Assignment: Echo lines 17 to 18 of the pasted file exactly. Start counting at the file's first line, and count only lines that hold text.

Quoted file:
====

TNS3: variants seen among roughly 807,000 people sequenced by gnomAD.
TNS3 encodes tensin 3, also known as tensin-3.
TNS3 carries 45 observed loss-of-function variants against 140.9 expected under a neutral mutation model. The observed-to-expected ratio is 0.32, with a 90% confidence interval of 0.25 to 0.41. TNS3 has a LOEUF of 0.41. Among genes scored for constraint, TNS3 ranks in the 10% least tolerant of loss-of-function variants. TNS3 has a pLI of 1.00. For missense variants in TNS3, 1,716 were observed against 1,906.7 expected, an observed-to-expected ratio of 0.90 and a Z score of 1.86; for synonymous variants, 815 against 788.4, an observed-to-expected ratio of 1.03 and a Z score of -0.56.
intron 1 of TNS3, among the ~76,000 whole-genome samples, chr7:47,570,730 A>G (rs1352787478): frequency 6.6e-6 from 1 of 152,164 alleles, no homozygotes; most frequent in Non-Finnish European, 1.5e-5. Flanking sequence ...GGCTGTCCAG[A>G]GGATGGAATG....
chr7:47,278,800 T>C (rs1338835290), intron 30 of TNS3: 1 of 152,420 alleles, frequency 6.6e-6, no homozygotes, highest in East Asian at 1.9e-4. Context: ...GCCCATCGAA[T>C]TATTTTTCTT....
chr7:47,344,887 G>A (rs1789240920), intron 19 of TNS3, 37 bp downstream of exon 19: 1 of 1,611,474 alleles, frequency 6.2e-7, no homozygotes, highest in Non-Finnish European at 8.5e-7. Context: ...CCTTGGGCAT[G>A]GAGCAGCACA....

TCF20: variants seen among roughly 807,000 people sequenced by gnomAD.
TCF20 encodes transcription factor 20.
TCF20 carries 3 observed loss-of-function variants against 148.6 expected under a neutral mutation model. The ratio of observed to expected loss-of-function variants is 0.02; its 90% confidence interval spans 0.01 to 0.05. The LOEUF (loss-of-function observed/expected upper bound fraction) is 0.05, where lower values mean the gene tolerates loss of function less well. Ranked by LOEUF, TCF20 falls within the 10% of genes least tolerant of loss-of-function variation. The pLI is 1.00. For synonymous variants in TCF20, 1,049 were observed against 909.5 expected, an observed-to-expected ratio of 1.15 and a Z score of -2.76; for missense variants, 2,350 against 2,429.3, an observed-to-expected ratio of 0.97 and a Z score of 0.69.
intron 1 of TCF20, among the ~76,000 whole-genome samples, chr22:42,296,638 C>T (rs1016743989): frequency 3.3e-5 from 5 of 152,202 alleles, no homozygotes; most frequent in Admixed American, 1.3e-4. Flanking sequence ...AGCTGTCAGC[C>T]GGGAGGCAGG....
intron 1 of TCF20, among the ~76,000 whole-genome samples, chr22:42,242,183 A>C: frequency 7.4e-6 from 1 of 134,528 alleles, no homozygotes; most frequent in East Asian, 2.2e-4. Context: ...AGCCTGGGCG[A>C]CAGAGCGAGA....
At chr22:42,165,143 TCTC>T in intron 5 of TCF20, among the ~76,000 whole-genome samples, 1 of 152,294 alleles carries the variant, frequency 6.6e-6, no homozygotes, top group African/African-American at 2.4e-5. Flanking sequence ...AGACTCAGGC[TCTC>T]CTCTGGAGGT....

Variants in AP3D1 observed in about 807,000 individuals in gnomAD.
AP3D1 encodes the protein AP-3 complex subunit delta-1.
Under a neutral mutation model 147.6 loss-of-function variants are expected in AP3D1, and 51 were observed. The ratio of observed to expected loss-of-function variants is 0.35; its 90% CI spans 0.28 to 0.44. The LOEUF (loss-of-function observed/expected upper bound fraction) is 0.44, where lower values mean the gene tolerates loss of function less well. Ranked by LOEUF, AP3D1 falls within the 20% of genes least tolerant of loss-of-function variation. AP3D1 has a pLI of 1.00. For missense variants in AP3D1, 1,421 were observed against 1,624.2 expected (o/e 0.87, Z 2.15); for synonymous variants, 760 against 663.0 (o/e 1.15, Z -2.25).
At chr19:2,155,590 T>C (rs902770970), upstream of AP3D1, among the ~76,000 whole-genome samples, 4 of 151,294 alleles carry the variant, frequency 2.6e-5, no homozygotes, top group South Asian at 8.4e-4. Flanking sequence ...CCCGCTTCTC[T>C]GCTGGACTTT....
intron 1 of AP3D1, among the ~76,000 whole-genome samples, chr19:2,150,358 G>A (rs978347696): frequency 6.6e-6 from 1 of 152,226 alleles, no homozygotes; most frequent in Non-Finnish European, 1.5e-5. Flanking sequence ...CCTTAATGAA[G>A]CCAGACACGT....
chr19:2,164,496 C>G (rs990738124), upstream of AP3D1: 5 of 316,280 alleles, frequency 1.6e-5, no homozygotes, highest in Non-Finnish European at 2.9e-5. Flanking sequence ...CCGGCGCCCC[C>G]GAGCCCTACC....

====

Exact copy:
intron 1 of AP3D1, among the ~76,000 whole-genome samples, chr19:2,150,358 G>A (rs978347696): frequency 6.6e-6 from 1 of 152,226 alleles, no homozygotes; most frequent in Non-Finnish European, 1.5e-5. Flanking sequence ...CCTTAATGAA[G>A]CCAGACACGT....
chr19:2,164,496 C>G (rs990738124), upstream of AP3D1: 5 of 316,280 alleles, frequency 1.6e-5, no homozygotes, highest in Non-Finnish European at 2.9e-5. Flanking sequence ...CCGGCGCCCC[C>G]GAGCCCTACC....